I’ve been writing for Geeks of Doom since April 2008. In that time I have written about the occasional soundtrack release, but never before in my time or anywhere else have I attempted to write a list of the best new music I heard over the course of a year. Please bear with me, dear readers as I get into my picks for my Top 10 Albums of 2015.
Two years before I joined the Geeks writing staff, I was employed by my local Tower Records and Video. From the summer of 1999 to just a few days shy of Christmas 2006 when the nationwide chain shut down forever, I worked full time at Tower and loved almost every minute of my time there. Each day I was exposed to music from countless genres, and having that job deepened my appreciation of music I either dabbled in previously or was never exposed to at all. I was listening to a lot more rap, jazz, opera, bluegrass, gospel, and indie rock than ever before and developing a deeply emotional and intellectual appreciation for how each album was lovingly crafted and the unique history behind every song.
We ring in the New Year with our first new show of 2014! This week we discuss a new Pebble watch, cloud gaming on Sony PlayStation, T-Mobile wants to pay you to switch, Facebook is dead to teens, are digital music downloads already obsolete?…the legacy of the SnowdenNSA leaks, and a cube that balances on its edge.
The World’s End has arrived; not the actual one (that was back in December 2012, so we were told), but the third and final movie in writer-director Edgar Wright and writer-star Simon Pegg‘s genre-bending and blending “Three Flavours Cornetto” trilogy – read my review here – that also includes Shaun of the Dead and Hot Fuzz.
This past Tuesday, the soundtrack was made available was released on CD and MP3. As with his filmmaking contemporaries Quentin Tarantino and Paul Thomas Anderson, Edgar Wright plans out the various songs he intends to feature in his movies early in the pre-production stage and uses them to express the inner thoughts and emotions of his characters when dialogue simply won’t do the trick. In a recent interview with Indiewire, Wright went track by track on the World’s End O.S.T. and discussed the role each selected tune plays in the film’s narrative.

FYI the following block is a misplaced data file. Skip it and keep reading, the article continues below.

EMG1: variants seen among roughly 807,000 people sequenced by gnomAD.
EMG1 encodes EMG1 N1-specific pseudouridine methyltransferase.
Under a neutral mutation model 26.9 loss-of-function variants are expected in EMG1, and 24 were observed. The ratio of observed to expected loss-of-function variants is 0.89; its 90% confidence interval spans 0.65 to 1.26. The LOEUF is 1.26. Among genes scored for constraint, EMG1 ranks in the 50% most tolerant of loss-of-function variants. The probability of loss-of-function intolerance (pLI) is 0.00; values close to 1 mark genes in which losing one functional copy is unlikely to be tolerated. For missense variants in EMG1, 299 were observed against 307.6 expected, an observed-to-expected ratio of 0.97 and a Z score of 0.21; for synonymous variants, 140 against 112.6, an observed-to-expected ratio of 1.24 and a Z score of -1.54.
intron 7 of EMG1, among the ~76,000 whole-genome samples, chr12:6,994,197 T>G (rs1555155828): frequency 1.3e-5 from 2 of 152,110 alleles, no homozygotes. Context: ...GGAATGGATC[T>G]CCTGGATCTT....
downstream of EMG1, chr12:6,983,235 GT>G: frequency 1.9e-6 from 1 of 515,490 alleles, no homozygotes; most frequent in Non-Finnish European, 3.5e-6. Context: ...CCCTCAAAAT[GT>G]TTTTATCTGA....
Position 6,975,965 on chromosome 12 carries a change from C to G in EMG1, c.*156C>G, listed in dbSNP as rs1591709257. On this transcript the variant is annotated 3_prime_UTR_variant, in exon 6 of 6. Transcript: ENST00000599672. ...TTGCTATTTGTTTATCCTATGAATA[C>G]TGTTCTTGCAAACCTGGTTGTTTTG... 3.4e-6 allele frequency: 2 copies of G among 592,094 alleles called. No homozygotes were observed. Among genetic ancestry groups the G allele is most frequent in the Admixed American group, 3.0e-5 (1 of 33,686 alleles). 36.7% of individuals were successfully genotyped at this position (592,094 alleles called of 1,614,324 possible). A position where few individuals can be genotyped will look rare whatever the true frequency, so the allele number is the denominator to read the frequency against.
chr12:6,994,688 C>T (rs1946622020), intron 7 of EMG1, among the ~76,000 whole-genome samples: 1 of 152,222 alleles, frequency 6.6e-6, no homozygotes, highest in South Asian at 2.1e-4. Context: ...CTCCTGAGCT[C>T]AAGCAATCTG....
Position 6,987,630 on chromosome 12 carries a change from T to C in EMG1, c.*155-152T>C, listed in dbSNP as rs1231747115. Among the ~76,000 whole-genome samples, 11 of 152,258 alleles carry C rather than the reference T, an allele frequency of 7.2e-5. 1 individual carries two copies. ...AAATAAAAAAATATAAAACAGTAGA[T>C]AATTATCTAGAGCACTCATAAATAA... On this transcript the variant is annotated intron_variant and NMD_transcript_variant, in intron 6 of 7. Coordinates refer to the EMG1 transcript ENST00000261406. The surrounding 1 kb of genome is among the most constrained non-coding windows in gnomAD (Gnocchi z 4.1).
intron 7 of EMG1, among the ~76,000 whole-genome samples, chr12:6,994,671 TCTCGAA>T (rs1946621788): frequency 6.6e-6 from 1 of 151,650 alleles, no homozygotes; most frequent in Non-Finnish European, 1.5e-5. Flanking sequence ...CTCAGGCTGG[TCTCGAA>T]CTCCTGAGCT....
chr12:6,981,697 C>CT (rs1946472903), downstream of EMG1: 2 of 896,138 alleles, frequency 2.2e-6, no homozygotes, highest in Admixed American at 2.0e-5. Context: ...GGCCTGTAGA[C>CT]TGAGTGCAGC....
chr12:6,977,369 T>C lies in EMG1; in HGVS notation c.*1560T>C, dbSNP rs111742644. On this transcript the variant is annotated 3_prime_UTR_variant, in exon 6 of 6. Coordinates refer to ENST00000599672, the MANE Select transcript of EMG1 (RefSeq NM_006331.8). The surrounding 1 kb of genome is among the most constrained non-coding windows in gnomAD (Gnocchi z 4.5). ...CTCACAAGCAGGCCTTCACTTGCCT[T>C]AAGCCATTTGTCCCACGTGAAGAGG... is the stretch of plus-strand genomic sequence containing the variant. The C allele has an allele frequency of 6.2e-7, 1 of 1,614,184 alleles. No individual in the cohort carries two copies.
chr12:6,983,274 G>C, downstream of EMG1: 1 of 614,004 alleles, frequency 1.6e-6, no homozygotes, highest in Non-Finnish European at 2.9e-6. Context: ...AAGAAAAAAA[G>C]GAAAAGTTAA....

According to the director the songs that comprise the soundtrack were chosen specifically as a means of linking the character Gary, played by Pegg, to his fruitless pursuit of good times all the time in the face of middle age.
In the summer of 2004 Patton Oswalt‘s career in comedy went supernova almost overnight when his first stand-up CD Feelin’ Kinda Patton was released. In that instant he evolved from a moderately well-known comedian and King of Queens co-star to one of the universe’s funniest and imaginative personalities. Three years after the release of his first CD, Oswalt made a blazing return to record stores with his brilliantly titled follow-up album Werewolves and Lollipops; its unheralded genius, coupled with the successful theatrical release that summer of the Pixar animated delight Ratatouille, confirmed Oswalt as a force to be reckoned with in the world of comedy.
This month, Patton Oswalt’s epic second comedy album is on sale at Amazon as part of their monthly $5 MP3 deal. You can also check out more of these deals at the main sale page and order Werewolves and Lollipops on CD here.
Green Day‘s fourth album, Insomniac, was a darker affair than its predecessors but is considered by some as the album the Californian trio has never bettered. Right now you can download the brilliant Insomniac for $5 on Amazon.com.
Before they got all political and tried to stick it to “The Man,” Green Day wrote impossibly catchy punk rock. Songs like “Geek Stink Breath” and “Walking Contradiction” for a long time defined their sound and were hugely influential to the genre in the mid-90s.
Every month Amazon reduces the price of 100 MP3 albums to only $5. The deals run out at the end of the month, so if you want an MP3 copy of Insomniac at this price order before December 31, 2011,11:59 PST.